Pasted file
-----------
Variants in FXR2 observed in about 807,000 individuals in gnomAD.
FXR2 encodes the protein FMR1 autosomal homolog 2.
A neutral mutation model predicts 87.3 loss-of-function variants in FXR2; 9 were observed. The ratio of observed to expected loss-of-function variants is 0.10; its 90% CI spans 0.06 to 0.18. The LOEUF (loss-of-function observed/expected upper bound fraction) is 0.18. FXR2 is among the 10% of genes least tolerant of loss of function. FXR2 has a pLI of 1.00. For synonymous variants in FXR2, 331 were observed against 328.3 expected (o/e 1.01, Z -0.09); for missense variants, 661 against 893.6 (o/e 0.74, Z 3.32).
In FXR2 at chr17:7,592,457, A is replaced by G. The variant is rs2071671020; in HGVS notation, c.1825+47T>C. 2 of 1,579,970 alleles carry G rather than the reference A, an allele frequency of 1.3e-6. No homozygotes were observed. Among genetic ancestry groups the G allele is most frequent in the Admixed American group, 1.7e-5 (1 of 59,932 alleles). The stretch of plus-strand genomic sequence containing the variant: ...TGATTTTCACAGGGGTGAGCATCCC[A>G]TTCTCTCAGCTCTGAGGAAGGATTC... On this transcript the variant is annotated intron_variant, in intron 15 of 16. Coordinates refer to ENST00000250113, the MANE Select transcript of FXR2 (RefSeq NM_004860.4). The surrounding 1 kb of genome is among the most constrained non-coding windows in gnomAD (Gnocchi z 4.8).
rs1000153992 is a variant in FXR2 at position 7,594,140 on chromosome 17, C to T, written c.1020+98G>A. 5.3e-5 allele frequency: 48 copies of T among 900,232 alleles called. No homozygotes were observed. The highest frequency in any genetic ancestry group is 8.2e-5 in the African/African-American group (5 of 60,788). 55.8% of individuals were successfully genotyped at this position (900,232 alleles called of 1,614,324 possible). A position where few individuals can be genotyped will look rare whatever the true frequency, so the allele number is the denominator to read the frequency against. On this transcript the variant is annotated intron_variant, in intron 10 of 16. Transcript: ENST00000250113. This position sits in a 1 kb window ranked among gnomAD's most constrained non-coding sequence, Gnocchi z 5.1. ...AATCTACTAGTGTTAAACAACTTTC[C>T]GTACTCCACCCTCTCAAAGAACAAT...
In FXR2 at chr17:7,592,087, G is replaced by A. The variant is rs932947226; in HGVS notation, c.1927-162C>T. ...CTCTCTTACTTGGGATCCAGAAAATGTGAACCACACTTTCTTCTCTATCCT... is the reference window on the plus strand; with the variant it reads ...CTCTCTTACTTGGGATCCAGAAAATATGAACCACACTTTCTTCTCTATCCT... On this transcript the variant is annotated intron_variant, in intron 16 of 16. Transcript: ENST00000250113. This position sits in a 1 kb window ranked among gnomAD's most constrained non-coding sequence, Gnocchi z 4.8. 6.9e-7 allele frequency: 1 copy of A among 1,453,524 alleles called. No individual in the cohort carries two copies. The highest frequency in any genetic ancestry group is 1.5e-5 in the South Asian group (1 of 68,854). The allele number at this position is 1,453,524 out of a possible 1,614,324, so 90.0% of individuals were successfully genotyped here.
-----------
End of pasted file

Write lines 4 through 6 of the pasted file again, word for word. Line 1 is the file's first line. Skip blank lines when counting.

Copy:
In FXR2 at chr17:7,592,457, A is replaced by G. The variant is rs2071671020; in HGVS notation, c.1825+47T>C. 2 of 1,579,970 alleles carry G rather than the reference A, an allele frequency of 1.3e-6. No homozygotes were observed. Among genetic ancestry groups the G allele is most frequent in the Admixed American group, 1.7e-5 (1 of 59,932 alleles). The stretch of plus-strand genomic sequence containing the variant: ...TGATTTTCACAGGGGTGAGCATCCC[A>G]TTCTCTCAGCTCTGAGGAAGGATTC... On this transcript the variant is annotated intron_variant, in intron 15 of 16. Coordinates refer to ENST00000250113, the MANE Select transcript of FXR2 (RefSeq NM_004860.4). The surrounding 1 kb of genome is among the most constrained non-coding windows in gnomAD (Gnocchi z 4.8).
rs1000153992 is a variant in FXR2 at position 7,594,140 on chromosome 17, C to T, written c.1020+98G>A. 5.3e-5 allele frequency: 48 copies of T among 900,232 alleles called. No homozygotes were observed. The highest frequency in any genetic ancestry group is 8.2e-5 in the African/African-American group (5 of 60,788). 55.8% of individuals were successfully genotyped at this position (900,232 alleles called of 1,614,324 possible). A position where few individuals can be genotyped will look rare whatever the true frequency, so the allele number is the denominator to read the frequency against. On this transcript the variant is annotated intron_variant, in intron 10 of 16. Transcript: ENST00000250113. This position sits in a 1 kb window ranked among gnomAD's most constrained non-coding sequence, Gnocchi z 5.1. ...AATCTACTAGTGTTAAACAACTTTC[C>T]GTACTCCACCCTCTCAAAGAACAAT...
In FXR2 at chr17:7,592,087, G is replaced by A. The variant is rs932947226; in HGVS notation, c.1927-162C>T. ...CTCTCTTACTTGGGATCCAGAAAATGTGAACCACACTTTCTTCTCTATCCT... is the reference window on the plus strand; with the variant it reads ...CTCTCTTACTTGGGATCCAGAAAATATGAACCACACTTTCTTCTCTATCCT... On this transcript the variant is annotated intron_variant, in intron 16 of 16. Transcript: ENST00000250113. This position sits in a 1 kb window ranked among gnomAD's most constrained non-coding sequence, Gnocchi z 4.8. 6.9e-7 allele frequency: 1 copy of A among 1,453,524 alleles called. No individual in the cohort carries two copies. The highest frequency in any genetic ancestry group is 1.5e-5 in the South Asian group (1 of 68,854). The allele number at this position is 1,453,524 out of a possible 1,614,324, so 90.0% of individuals were successfully genotyped here.